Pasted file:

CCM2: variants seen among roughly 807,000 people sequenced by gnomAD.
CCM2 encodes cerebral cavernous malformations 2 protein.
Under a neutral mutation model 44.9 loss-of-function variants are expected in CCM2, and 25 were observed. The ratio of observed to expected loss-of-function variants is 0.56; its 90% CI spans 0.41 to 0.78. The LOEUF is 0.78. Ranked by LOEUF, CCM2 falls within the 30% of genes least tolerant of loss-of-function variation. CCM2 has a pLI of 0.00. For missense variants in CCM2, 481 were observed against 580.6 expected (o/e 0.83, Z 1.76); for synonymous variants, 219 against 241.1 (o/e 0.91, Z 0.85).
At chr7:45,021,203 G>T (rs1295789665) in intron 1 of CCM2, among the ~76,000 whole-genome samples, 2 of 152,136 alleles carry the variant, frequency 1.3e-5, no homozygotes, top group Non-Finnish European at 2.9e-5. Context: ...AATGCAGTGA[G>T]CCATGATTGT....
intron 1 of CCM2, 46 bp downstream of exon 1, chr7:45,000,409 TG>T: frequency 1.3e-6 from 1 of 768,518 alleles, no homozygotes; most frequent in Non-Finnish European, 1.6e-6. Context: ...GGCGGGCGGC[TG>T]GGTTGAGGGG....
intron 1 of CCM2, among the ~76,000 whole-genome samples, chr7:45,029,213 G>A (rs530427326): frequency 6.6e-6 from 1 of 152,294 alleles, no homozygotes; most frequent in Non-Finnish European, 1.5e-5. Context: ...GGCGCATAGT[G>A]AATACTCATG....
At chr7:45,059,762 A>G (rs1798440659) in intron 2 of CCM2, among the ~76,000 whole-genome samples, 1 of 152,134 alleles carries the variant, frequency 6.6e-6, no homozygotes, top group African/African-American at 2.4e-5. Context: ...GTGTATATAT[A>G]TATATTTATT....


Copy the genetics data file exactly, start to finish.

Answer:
CCM2: variants seen among roughly 807,000 people sequenced by gnomAD.
CCM2 encodes cerebral cavernous malformations 2 protein.
Under a neutral mutation model 44.9 loss-of-function variants are expected in CCM2, and 25 were observed. The ratio of observed to expected loss-of-function variants is 0.56; its 90% CI spans 0.41 to 0.78. The LOEUF is 0.78. Ranked by LOEUF, CCM2 falls within the 30% of genes least tolerant of loss-of-function variation. CCM2 has a pLI of 0.00. For missense variants in CCM2, 481 were observed against 580.6 expected (o/e 0.83, Z 1.76); for synonymous variants, 219 against 241.1 (o/e 0.91, Z 0.85).
At chr7:45,021,203 G>T (rs1295789665) in intron 1 of CCM2, among the ~76,000 whole-genome samples, 2 of 152,136 alleles carry the variant, frequency 1.3e-5, no homozygotes, top group Non-Finnish European at 2.9e-5. Context: ...AATGCAGTGA[G>T]CCATGATTGT....
intron 1 of CCM2, 46 bp downstream of exon 1, chr7:45,000,409 TG>T: frequency 1.3e-6 from 1 of 768,518 alleles, no homozygotes; most frequent in Non-Finnish European, 1.6e-6. Context: ...GGCGGGCGGC[TG>T]GGTTGAGGGG....
intron 1 of CCM2, among the ~76,000 whole-genome samples, chr7:45,029,213 G>A (rs530427326): frequency 6.6e-6 from 1 of 152,294 alleles, no homozygotes; most frequent in Non-Finnish European, 1.5e-5. Context: ...GGCGCATAGT[G>A]AATACTCATG....
At chr7:45,059,762 A>G (rs1798440659) in intron 2 of CCM2, among the ~76,000 whole-genome samples, 1 of 152,134 alleles carries the variant, frequency 6.6e-6, no homozygotes, top group African/African-American at 2.4e-5. Context: ...GTGTATATAT[A>G]TATATTTATT....